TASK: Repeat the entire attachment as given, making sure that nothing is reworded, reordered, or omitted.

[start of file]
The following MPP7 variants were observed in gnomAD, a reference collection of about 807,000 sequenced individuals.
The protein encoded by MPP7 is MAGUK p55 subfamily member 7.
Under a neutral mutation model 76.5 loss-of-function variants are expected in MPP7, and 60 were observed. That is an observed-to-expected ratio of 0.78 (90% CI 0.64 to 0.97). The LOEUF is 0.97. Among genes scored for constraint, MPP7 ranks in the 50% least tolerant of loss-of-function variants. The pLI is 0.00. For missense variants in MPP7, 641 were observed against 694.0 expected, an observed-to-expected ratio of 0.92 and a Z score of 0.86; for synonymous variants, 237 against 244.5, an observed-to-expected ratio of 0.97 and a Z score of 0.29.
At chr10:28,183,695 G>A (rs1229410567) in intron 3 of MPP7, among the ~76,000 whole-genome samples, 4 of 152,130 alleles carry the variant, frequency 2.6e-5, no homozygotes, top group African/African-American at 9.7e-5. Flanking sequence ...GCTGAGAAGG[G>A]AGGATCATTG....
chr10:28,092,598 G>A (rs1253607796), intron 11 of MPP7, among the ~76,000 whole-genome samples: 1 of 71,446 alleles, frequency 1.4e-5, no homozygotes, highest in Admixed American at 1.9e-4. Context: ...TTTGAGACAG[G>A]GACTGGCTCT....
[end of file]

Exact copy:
The following MPP7 variants were observed in gnomAD, a reference collection of about 807,000 sequenced individuals.
The protein encoded by MPP7 is MAGUK p55 subfamily member 7.
Under a neutral mutation model 76.5 loss-of-function variants are expected in MPP7, and 60 were observed. That is an observed-to-expected ratio of 0.78 (90% CI 0.64 to 0.97). The LOEUF is 0.97. Among genes scored for constraint, MPP7 ranks in the 50% least tolerant of loss-of-function variants. The pLI is 0.00. For missense variants in MPP7, 641 were observed against 694.0 expected, an observed-to-expected ratio of 0.92 and a Z score of 0.86; for synonymous variants, 237 against 244.5, an observed-to-expected ratio of 0.97 and a Z score of 0.29.
At chr10:28,183,695 G>A (rs1229410567) in intron 3 of MPP7, among the ~76,000 whole-genome samples, 4 of 152,130 alleles carry the variant, frequency 2.6e-5, no homozygotes, top group African/African-American at 9.7e-5. Flanking sequence ...GCTGAGAAGG[G>A]AGGATCATTG....
chr10:28,092,598 G>A (rs1253607796), intron 11 of MPP7, among the ~76,000 whole-genome samples: 1 of 71,446 alleles, frequency 1.4e-5, no homozygotes, highest in Admixed American at 1.9e-4. Context: ...TTTGAGACAG[G>A]GACTGGCTCT....